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This paper is based on the Patton Fuller Community Hospital’s Annual Report for the year 2009. Physicians work at the hospital and own it too. They also govern the hospital together with the CEO and CFO. Despite sitting on the board, the CEO and CFO have no voting rights. This hospital aims at making a profit from its operations. The hospital obtains most of its revenue from in-patients rather than outpatients.
In the current year, the hospital took on additional debt. This debt was issued at an adjustable interest rate. Thus, the CFO has had to create a contingent liability in the financial statements in case the debt interest increases. PFCH has some investments that performed poorly this year. The loss has been recognized in the financial statements. On the up side, the hospital will receive some funds from a deceased benefactor’s estate. The auditor’s report was unqualified.
Audited vs. Unaudited Financial Statements
Patton Fuller’s audited and unaudited financial statements are similar except for one line item. The expense ‘Provision for Doubtful Accounts’ had been understated in the unaudited accounts.
This was adjusted in the annual report. Prior to the adjustment, the Statement of Revenue and Expenses indicated that the hospital had met its goal of profit-making and made $689,000. Unfortunately, after the adjustment, the hospital’s profit was reduced to a loss of $373,000. Net profit was overstated by double the amount. Clearly, the hospital is doing quite badly financially (Atrill, 2011).
This increase in provision for doubtful debts also affected the Balance Sheet. The amount under receivables was adjusted downwards. To complete the double entry, retained earnings were also adjusted downwards. This difference is material as it can affect a decision made based on the financial statements. Supposing the financial statements were not audited, they would have misled readers to believe that the hospital was profitable.
Revenue and Expenses
Patton Fuller obtains its revenue from patients who use its services. Most of the revenue is from inpatients. However, in the current year, some third parties have been introduced. They will cover the patients’ hospital fees, but at a different rate than the normal. They are likely to pay less than the patients owe. This is the reason for the $1,000,000 adjustment.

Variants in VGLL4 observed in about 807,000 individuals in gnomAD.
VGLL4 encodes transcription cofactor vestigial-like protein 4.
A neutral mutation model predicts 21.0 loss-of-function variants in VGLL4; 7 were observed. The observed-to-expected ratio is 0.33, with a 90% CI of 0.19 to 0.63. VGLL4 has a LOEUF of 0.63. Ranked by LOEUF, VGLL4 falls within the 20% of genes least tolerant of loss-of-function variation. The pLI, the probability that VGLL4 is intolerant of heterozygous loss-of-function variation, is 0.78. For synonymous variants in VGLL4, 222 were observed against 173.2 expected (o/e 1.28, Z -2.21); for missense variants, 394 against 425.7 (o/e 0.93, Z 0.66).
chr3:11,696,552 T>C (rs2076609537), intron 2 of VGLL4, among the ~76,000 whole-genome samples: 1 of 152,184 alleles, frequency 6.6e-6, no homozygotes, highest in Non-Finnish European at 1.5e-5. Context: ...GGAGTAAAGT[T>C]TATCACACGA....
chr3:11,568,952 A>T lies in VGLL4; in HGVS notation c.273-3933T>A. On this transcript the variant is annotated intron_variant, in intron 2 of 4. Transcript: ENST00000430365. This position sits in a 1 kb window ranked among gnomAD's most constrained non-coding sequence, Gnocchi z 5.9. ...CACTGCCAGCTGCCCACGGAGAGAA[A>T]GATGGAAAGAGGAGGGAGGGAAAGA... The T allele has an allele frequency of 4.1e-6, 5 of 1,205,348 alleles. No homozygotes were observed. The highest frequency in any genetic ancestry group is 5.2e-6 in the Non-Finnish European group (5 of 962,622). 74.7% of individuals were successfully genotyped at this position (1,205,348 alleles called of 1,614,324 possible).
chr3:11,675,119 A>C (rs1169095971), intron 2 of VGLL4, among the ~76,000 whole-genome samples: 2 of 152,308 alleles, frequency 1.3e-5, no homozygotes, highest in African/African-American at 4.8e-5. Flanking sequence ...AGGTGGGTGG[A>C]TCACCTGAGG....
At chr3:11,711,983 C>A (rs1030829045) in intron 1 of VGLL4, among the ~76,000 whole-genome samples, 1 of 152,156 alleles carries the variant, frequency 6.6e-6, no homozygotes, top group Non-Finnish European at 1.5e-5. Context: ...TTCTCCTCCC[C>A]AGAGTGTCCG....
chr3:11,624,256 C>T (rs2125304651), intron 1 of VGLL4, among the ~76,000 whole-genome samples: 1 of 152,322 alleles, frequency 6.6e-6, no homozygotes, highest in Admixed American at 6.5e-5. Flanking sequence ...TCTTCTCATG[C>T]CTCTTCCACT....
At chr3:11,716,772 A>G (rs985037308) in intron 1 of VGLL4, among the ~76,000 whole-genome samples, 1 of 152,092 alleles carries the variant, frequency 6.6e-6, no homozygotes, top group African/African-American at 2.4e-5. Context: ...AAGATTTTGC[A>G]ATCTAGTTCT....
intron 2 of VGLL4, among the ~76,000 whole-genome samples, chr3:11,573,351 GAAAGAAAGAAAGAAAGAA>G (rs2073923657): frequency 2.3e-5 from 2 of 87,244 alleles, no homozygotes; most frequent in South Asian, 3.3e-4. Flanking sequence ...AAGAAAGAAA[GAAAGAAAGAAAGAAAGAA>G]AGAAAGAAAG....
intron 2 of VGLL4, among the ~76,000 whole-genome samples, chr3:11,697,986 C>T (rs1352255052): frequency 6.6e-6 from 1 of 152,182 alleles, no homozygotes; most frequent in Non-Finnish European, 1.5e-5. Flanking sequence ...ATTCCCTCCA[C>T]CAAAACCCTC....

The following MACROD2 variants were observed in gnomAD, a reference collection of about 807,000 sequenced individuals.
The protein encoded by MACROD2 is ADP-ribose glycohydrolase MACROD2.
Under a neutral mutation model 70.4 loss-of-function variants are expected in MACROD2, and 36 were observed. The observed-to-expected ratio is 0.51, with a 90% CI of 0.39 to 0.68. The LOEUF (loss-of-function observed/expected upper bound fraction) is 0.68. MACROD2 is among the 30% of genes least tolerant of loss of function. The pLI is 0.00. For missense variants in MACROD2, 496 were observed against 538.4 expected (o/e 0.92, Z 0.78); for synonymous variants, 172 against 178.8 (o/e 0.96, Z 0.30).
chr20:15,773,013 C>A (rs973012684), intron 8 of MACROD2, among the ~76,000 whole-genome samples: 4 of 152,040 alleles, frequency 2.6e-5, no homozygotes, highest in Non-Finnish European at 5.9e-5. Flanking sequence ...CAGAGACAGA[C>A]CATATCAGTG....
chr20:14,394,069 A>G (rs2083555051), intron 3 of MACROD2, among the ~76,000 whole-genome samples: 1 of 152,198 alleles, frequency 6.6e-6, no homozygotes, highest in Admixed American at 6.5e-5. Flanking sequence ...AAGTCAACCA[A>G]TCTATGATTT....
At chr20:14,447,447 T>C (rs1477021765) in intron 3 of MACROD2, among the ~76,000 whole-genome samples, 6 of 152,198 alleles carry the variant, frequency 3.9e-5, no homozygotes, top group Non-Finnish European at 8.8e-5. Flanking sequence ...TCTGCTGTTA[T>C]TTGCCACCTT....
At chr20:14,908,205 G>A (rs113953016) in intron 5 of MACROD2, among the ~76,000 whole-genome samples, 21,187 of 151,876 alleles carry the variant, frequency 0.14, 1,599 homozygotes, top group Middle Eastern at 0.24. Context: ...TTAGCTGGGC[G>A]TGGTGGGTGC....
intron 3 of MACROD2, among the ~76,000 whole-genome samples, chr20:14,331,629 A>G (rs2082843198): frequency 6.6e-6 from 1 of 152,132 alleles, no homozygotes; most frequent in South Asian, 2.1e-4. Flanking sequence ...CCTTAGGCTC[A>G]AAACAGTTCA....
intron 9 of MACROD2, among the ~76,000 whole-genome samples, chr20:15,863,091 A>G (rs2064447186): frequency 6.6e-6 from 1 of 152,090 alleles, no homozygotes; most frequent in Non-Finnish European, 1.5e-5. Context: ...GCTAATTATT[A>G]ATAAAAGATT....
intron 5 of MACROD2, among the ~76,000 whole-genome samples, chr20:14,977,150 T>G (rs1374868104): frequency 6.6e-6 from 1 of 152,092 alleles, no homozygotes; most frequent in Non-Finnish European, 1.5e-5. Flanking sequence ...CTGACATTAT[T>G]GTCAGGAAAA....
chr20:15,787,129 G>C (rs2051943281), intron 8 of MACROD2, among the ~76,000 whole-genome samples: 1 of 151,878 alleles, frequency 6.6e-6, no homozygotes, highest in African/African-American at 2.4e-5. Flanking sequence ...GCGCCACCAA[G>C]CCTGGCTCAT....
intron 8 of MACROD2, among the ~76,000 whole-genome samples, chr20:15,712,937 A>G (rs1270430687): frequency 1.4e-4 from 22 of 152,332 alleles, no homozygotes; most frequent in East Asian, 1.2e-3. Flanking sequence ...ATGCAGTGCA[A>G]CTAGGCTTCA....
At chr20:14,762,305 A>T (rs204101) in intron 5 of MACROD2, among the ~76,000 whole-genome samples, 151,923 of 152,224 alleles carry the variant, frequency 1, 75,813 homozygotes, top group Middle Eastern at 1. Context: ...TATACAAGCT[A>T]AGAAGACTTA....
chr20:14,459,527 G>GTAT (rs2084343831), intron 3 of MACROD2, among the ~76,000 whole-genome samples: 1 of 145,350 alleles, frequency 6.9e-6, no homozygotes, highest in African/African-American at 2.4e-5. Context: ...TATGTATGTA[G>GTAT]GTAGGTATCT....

The Balance Sheet shows the amount of receivables owed to the hospital by patients. PFCH’s receivables are approximately 20% of revenue. The hospital needs to improve is debt collection. The fact that the revenue will now be received from a third party has affected Financial Reporting.
It has resulted in the increase of the allowance for doubtful debts (Barrow, 2011). The major expenses are Salaries, Benefits, Physician, and Professional Fees. It is possible that the physicians are paying themselves at a rate higher than the market rate. However, Professional fees are fixed and unavoidable.
PFCH has organized its revenue into three different categories. Net Patient Revenue is obtained from the hospitals core business, while investment revenue is obtained from its stocks and other assets. Expenses are organizes by function.
Financial reporting provides useful information for investors and management to use in decision-making. The integrity of Financials can be increased by subjecting them to an audit. In the case of PFCH, audit adjustments reduced the supposed profit to a significant loss. The hospital should consider allowing management professionals to sit in the board and have voting rights. This might improve its financial management and lead to profit making.
Atrill, P. (2011). Financial Management for Decision Makers. Chicago: Prentice Hall.
Barrow, C. (2011). Practical Financial Management: Key Financial Statements Tools of Financial Analysis Business Planning and Budgeting. New York: Kogan Page.